Sounding off: Magic finds a sweet spot

As part of a content partnership with MediaWorks, we’ve asked a few of the company’s programme directors about the performance of their brands, the state of radio and the importance of digital channels. And the newest kid on the block, Magic, has got off to a good start, attracting a good number of loaded oldies in its first few months and performing well in the regions. We talked to Ian Avery about the birth of the new brand. 

Magic is around six months old, and while its overall ratings are still low, which is to be expected for such a new brand, what’s more telling is how it’s performing with its target audience – the 50-69-year-old golden oldies set. All up, the station reached 62,600 in terms of total cumulative audience (12mn – 12mn). And, as its slogan suggests, it feels good. 

  • ​Check out all the results from the T2 survey here

As a relatively new station, has Magic found a gap in the market? 

Our goal was two percent national share in the first survey. Considering we have only been on air for six months, job done. We are happy.

In markets like Hawke’s Bay, Christchurch and Southland, you can see Magic has taken share straight from Coast. We knew Coast was more focused on The Breeze and not serving this audience. Magic super-serves this audience and it’s a good indicator for future growth. The number one music station in Hawke’s Bay. Wow!

The oldies have plenty of money. And it’s a growing cohort in New Zealand. Is that an under-appreciated demographic among advertisers? And are they still keen on radio? 

The anecdotal feedback, from both listeners and clients, has been extraordinary. We get txt and emails daily, almost all of them now loving Magic.

I’ve been a content director for over 15 years in a number of formats, but I’ve never experienced feedback like this.

Listeners who discover Magic are so passionate about the brand and the music and there are some incredible sales success stories.

Research wise we know this audience has money and we know there is a lot of focus on 25-54, but the sales feedback on Magic is a real eye opener.

In an increasingly fragmented media landscape, what’s radio’s selling point? And with all the other options available, why are people still listening?

Programme directors are knowledgeable and capable music curators and our talent are more than ever before presenting compelling content. Radio is accustomed to change. We’re nimble and we adapt quickly. We’ve embraced online with things like our weekly music quiz and VOD. It’s changed everything.

There’s a perception that you need the latest hits to be successful in radio. But the classics seem to endure. So what’s more important for growing an audience, musical nostalgia or the personalities introducing them?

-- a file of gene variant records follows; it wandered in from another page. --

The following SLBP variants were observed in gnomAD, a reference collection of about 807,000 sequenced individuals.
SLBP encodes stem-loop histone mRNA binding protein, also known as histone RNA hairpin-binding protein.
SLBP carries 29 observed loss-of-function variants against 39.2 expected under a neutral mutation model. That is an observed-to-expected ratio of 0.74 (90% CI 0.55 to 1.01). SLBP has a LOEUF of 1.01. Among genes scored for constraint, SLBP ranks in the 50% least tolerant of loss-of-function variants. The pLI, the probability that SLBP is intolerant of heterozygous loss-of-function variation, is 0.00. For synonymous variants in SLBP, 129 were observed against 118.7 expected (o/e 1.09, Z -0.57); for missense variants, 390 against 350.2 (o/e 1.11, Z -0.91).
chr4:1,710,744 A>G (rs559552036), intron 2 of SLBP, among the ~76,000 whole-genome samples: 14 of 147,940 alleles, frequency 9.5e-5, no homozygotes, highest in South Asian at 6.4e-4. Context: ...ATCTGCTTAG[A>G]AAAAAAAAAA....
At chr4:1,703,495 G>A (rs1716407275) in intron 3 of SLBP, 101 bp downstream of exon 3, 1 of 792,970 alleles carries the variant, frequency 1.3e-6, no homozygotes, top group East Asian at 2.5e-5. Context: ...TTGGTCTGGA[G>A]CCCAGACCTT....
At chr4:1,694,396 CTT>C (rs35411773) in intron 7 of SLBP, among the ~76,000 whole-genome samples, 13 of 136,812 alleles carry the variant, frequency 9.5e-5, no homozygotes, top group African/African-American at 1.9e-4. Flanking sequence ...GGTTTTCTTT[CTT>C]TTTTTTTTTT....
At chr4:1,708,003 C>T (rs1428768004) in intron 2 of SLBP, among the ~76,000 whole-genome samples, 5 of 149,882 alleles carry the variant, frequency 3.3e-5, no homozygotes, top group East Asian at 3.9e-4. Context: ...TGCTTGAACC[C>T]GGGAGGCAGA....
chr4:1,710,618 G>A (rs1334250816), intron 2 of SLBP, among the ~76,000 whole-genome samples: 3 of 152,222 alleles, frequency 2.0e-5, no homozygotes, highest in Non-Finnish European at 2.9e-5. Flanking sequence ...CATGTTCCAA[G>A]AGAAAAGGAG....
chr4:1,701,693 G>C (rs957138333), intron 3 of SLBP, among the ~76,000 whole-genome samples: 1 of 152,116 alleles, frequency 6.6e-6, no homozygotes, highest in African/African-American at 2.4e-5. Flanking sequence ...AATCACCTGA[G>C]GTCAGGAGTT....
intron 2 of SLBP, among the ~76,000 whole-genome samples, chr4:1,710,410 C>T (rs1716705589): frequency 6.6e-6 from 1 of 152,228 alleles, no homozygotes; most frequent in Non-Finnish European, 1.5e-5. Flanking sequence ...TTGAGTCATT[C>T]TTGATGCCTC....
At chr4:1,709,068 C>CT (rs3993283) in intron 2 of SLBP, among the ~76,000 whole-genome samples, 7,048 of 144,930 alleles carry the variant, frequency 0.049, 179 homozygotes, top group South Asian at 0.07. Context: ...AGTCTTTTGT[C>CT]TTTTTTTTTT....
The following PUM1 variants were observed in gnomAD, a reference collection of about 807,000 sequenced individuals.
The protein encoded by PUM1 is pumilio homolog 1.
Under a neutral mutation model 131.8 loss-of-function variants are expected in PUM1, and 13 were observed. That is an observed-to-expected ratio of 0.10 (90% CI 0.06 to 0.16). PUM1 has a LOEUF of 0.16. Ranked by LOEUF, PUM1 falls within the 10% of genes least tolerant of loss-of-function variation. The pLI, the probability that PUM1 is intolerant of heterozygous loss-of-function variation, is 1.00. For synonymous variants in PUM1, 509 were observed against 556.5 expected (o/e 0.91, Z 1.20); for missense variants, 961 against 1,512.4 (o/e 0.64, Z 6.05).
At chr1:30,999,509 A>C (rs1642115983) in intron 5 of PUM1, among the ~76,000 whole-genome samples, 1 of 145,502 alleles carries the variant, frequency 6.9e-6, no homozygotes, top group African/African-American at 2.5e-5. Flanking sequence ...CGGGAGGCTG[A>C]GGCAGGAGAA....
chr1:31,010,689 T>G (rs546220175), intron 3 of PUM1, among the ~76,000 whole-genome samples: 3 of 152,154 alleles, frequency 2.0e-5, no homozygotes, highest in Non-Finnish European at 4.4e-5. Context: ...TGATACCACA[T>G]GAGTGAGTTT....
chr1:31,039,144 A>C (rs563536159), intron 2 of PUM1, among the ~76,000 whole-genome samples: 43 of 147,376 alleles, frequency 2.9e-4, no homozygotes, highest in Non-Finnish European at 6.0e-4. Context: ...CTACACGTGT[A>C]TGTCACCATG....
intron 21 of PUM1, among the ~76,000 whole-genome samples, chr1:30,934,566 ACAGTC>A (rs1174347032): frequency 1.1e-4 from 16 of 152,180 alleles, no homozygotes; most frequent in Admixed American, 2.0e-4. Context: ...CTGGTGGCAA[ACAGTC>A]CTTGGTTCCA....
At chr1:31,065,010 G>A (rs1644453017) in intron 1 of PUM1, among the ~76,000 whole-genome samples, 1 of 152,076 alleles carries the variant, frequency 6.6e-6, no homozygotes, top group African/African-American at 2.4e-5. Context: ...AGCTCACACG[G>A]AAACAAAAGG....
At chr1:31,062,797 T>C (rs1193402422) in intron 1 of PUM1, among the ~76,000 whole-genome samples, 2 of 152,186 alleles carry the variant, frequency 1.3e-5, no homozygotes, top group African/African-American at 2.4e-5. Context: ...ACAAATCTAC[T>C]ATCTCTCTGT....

Radio has always been about music, mornings and marketing. It’s the whole package and that’s what makes us different from Spotify or Pandora. Magic’s music is brilliantly curated. Mark Leishman, the legend Bob Gentil and Mark Smith connect with the audience and things like the Magic jingle tie it all in.  

The older audience is pretty keen on concerts. And they spend a lot of money attending them. Are events becoming a bigger part of your business? 

I was at Bruce Springsteen and Michael Buble concerts and looking around was a sea of Breeze/Sound/Magic listeners. All happy to spend, all having a good time.

The challenge for us is to do more with these events than just a logo on a poster. How do we integrate our brands into them? 

What are some of the best examples of ad campaigns/brand partnerships/promotions/competitions you’ve run over the past year?

The best campaign I’ve run in the last 12 months and probably the best of my career is the current Spandau Ballet campaign for The Breeze.

With Magic Meter Maids we set out to engage with listeners one on one. When we encountered people putting money in parking meters, we not only paid for their parking, we spoke to them about Magic, gave them some merchandise and, if allowed, tuned Magic into their car radio.

We’ve seen the overhaul in recent years of some cornerstone radio brands. What no longer works in radio that once seemed rock solid? 

For most of my radio career if you had a $30,000 cash promo, trips or a car to give away, there was a fair chance you’d have a good survey result. Today these things simply don’t work. Like all media, content is king. It’s about all our personalities across all day parts presenting killer content, every day and connecting with our audience. 

  • This story is part of a content partnership with MediaWorks

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